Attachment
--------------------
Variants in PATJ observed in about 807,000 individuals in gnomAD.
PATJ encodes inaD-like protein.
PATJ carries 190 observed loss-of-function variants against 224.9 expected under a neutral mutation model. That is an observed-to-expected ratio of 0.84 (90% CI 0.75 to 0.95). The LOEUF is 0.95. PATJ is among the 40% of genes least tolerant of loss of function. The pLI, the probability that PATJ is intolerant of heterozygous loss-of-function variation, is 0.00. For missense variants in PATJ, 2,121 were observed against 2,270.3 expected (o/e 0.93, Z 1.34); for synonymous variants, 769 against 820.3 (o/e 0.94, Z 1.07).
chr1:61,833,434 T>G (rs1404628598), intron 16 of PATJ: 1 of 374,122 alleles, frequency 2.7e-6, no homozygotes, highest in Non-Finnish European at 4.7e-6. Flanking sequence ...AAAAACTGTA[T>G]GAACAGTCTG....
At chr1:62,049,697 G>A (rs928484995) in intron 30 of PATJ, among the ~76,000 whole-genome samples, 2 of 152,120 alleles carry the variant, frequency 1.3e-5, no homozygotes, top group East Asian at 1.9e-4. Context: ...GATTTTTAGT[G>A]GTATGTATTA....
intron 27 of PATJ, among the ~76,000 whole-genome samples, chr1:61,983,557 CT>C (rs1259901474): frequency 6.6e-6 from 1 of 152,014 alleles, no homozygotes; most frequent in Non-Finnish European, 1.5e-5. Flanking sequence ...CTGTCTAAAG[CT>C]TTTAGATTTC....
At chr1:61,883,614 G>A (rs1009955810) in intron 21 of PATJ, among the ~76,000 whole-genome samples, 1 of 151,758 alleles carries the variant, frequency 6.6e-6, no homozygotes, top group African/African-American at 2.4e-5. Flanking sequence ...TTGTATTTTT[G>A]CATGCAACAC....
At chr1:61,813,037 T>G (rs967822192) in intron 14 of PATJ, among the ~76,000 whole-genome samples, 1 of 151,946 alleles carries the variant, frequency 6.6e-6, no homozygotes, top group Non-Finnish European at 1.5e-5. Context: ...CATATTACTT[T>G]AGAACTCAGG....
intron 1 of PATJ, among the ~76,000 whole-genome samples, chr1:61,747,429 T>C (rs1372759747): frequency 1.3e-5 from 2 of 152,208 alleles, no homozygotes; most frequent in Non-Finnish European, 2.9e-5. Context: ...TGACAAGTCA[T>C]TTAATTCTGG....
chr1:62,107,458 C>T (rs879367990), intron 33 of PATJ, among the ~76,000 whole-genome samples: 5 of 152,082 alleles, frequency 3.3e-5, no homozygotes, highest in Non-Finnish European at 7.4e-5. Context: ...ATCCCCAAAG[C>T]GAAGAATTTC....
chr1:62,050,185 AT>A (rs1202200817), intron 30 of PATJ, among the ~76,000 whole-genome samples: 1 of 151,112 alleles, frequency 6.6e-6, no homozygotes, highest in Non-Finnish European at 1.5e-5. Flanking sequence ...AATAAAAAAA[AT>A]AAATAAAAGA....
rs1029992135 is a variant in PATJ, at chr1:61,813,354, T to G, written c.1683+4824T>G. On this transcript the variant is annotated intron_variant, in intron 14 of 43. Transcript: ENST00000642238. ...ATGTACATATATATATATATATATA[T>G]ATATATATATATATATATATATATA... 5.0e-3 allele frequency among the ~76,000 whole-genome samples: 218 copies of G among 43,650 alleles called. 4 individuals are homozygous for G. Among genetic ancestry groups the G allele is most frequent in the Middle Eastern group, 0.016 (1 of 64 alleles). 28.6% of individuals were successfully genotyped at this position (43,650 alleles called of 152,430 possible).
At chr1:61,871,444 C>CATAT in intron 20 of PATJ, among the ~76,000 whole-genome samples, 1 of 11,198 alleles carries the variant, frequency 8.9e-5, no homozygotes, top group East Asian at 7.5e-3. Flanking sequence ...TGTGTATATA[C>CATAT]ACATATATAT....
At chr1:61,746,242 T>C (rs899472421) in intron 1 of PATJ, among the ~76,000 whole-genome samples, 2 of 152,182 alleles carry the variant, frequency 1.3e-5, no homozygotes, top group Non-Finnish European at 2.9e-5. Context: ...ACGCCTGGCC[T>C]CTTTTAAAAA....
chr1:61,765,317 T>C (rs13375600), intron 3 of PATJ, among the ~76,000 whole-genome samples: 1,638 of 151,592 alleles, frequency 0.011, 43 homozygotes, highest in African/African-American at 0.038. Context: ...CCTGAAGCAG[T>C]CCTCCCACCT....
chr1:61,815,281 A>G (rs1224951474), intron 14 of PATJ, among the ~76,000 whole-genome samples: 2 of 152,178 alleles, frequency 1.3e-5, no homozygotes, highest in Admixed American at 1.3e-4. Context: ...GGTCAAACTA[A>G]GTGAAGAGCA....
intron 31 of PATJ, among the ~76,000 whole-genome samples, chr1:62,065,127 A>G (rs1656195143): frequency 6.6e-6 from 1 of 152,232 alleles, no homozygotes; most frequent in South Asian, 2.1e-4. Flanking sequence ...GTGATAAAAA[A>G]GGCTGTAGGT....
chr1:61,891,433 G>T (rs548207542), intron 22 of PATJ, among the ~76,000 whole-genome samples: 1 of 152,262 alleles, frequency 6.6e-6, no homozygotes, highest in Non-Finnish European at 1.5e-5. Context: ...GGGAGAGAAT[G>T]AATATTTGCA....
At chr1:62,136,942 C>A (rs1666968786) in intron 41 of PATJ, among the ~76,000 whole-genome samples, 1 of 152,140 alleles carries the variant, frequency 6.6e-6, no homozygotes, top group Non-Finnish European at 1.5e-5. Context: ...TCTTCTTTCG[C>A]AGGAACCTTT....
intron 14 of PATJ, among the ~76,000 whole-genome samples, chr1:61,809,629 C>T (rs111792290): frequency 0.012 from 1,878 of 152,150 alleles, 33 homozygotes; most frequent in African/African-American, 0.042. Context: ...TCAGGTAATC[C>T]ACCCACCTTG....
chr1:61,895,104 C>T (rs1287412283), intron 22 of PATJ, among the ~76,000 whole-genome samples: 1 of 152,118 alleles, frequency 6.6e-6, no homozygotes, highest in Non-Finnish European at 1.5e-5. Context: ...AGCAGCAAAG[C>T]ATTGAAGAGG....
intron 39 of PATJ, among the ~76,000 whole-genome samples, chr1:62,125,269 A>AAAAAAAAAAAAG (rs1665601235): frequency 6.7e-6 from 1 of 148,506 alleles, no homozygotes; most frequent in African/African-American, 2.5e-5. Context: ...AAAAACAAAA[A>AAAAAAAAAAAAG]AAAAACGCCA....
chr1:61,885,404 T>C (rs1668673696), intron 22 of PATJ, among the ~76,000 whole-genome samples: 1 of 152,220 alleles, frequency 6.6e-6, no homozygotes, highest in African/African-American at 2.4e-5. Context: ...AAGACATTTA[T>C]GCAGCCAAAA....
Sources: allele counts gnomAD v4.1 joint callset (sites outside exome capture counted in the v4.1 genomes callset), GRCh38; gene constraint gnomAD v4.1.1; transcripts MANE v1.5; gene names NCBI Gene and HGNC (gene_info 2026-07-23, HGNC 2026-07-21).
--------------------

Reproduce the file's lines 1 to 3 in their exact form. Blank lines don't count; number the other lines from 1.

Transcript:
Variants in PATJ observed in about 807,000 individuals in gnomAD.
PATJ encodes inaD-like protein.
PATJ carries 190 observed loss-of-function variants against 224.9 expected under a neutral mutation model. That is an observed-to-expected ratio of 0.84 (90% CI 0.75 to 0.95). The LOEUF is 0.95. PATJ is among the 40% of genes least tolerant of loss of function. The pLI, the probability that PATJ is intolerant of heterozygous loss-of-function variation, is 0.00. For missense variants in PATJ, 2,121 were observed against 2,270.3 expected (o/e 0.93, Z 1.34); for synonymous variants, 769 against 820.3 (o/e 0.94, Z 1.07).